By Jeff McDonald
Just before the start of the Spurs’ preseason game at Houston on Sunday, Tim Duncan grabbed the ball and hugged it tight, as is his pre-tip ritual.
Lead official Ken Mauer glanced at a running clock above the Toyota Center baskets and issued a reminder: “30 seconds, Tim.”
In an effort to curb pregame routines it believes are slowing down the game, the NBA this season is emphasizing a rule that allows referees to assess a delay-of-game warning to teams whose dancing and handshaking choreography gets out of hand.
From the time the house lights go up after pregame introductions, teams are allowed 90 seconds to get jiggy. If all five players are not ready to tip off after those 90 seconds, officials can issue a warning.
Long regarded one of the NBA’s most low-key teams, the Spurs don’t expect to be affected by the rule enforcement.
“I had some 89-second handshakes worked out with my teammates,” forward Matt Bonner said. “I had to cut those out.”
Considering that Miami forward LeBron James’ elaborate chalk-tossing routine has become the stuff of shoe commercials, Bonner was asked if the new edict could rightly be called “The LeBron Rule.”
“No comment,” Bonner said. “I’m not going to say anything to get LeBron mad at me.”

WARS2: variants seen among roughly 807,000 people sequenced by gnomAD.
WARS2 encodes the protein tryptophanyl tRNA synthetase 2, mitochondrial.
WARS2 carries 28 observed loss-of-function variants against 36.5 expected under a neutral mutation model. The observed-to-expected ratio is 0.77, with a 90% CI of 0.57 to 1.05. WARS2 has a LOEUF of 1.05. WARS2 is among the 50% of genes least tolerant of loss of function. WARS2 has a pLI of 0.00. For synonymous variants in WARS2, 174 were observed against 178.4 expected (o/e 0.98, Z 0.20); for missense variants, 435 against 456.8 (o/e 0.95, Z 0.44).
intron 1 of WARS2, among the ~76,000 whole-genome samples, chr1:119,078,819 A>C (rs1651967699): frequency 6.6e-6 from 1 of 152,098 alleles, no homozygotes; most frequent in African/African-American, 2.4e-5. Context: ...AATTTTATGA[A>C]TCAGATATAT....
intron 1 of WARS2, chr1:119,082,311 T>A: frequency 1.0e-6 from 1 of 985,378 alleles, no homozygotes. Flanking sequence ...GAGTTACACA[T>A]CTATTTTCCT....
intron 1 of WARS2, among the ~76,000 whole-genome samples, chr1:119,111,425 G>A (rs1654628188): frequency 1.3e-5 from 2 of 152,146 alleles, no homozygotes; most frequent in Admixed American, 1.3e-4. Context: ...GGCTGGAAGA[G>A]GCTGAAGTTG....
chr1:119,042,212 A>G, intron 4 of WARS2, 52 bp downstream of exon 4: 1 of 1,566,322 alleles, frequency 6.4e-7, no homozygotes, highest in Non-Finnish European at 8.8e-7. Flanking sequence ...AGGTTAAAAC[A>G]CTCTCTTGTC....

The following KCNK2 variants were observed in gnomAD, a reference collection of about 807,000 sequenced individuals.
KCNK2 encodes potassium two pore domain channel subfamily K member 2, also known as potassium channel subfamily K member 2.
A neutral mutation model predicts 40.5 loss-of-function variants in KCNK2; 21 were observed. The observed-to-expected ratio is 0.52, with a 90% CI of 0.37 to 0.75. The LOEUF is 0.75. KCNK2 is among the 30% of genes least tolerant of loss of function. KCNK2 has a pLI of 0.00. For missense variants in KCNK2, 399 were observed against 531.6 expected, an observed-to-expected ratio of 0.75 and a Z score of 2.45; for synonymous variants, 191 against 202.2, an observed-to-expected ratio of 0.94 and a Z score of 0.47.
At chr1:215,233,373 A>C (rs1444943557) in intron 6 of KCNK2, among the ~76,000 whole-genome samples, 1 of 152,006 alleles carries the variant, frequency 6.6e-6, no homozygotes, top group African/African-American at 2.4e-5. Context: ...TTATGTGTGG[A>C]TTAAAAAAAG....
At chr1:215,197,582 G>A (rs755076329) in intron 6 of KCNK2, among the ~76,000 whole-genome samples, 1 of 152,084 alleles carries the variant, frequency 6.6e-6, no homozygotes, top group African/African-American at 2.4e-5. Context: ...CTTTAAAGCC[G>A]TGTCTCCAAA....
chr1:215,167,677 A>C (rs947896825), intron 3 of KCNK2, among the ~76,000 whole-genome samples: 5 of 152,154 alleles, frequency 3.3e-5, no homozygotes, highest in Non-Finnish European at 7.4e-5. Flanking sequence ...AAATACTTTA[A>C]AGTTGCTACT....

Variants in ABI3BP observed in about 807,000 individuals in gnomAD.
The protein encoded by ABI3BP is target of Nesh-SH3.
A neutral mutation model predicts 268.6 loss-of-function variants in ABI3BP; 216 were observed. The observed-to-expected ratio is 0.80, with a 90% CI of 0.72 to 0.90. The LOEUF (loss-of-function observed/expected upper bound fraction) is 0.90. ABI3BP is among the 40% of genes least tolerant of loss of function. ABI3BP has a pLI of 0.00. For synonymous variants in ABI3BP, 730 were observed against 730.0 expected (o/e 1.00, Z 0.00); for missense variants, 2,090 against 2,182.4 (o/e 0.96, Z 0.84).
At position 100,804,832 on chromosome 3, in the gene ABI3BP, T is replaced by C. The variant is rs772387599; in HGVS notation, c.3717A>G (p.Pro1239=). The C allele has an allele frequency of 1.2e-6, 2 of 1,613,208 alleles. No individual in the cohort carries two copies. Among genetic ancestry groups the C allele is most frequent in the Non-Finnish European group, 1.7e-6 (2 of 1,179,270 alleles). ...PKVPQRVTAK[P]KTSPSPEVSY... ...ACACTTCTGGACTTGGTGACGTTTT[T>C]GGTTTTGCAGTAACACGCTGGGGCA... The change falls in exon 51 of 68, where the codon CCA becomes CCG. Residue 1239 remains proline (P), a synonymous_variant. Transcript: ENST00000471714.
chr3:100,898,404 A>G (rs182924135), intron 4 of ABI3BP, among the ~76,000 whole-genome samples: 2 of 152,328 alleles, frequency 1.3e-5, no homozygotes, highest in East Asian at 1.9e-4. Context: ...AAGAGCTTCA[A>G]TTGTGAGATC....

Pop’s mediator: When Don Newman left during the offseason to become Randy Wittman’s lead assistant coach in Washington, it left quite a void in the Spurs’ game-day operations.
For seven seasons, Newman was the coach charged with keeping Gregg Popovich from ringing up technicals. Often, when an exchange between Popovich and a referee would get too heated, Newman would physically step between the two men and shepherd his boss back to the bench.
“He didn’t have to work very hard, because I rarely got one,” Popovich said, though perhaps that’s an indication of how good Newman was at his job. “He just acted like he was holding me back all the time.”
Newman has been replaced on Popovich’s bench by former Spur Ime Udoka, who as a member of the Nigerian national team once had to fight his way out of a gym in Algiers.
Here’s guessing Udoka is up to the task.
Habitat help: Not long after Thursday’s practice, three Spurs players zipped off to a construction site on the city’s southwest side, where hammers and hard hats awaited.
Centers Boris Diaw and Tiago Splitter and guard Cory Joseph were among the Spurs Sports Entertainment employees on hand to help with various construction projects in Coleman Ridge, a subdivision developed by Habitat for Humanity of San Antonio.
The event was part of the annual citywide United Way Day of Caring.